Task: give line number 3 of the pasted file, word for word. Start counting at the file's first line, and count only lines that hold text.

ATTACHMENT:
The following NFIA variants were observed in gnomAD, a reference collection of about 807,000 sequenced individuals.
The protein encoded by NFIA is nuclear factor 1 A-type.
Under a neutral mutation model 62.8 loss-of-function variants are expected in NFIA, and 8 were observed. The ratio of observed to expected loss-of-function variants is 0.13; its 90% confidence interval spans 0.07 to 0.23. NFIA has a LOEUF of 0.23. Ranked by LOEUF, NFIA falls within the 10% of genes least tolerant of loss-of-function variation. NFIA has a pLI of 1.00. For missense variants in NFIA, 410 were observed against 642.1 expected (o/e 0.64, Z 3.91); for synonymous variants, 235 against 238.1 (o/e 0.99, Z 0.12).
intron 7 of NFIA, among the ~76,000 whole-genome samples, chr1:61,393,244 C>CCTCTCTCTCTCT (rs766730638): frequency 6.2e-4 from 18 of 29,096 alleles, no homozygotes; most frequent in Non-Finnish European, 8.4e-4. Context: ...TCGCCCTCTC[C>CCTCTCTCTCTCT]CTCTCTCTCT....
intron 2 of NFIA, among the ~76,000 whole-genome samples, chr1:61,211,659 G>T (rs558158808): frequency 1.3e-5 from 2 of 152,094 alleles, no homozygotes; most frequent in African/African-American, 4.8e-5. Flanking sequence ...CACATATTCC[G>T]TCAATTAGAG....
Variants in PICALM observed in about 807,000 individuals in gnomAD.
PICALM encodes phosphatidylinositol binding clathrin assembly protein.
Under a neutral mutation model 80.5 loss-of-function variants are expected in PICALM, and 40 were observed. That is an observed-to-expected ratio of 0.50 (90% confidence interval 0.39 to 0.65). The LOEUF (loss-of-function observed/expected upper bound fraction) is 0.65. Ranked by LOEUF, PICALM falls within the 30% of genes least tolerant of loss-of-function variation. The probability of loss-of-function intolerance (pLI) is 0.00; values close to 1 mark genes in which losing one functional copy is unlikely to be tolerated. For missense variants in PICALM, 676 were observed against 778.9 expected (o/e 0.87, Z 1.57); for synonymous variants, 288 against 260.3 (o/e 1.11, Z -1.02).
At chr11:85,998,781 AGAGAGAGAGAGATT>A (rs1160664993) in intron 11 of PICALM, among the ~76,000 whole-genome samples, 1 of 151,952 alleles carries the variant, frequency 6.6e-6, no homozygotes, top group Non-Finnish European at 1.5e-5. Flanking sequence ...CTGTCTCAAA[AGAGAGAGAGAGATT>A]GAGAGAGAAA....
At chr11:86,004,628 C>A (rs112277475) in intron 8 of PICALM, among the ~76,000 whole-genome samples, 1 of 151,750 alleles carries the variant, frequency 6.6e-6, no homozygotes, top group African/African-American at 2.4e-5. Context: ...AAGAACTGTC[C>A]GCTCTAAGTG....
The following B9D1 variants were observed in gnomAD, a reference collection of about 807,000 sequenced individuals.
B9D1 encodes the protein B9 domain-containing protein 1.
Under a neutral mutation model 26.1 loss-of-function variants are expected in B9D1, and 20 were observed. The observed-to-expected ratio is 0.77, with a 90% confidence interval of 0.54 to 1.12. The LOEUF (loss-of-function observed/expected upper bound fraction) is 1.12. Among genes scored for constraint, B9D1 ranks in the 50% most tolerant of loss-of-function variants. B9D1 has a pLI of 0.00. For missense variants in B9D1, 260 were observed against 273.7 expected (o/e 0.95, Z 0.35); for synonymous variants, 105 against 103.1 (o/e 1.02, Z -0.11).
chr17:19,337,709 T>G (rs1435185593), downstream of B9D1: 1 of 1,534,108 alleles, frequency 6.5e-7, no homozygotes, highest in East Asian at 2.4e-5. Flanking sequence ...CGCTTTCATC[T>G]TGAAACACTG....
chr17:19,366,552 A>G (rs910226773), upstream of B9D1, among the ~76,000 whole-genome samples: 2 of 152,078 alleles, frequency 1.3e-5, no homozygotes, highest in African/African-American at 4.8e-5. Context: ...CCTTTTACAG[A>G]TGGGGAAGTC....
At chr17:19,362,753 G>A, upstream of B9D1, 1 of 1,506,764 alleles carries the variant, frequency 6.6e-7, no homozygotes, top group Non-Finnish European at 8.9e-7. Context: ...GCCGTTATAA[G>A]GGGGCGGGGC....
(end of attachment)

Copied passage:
Under a neutral mutation model 62.8 loss-of-function variants are expected in NFIA, and 8 were observed. The ratio of observed to expected loss-of-function variants is 0.13; its 90% confidence interval spans 0.07 to 0.23. NFIA has a LOEUF of 0.23. Ranked by LOEUF, NFIA falls within the 10% of genes least tolerant of loss-of-function variation. NFIA has a pLI of 1.00. For missense variants in NFIA, 410 were observed against 642.1 expected (o/e 0.64, Z 3.91); for synonymous variants, 235 against 238.1 (o/e 0.99, Z 0.12).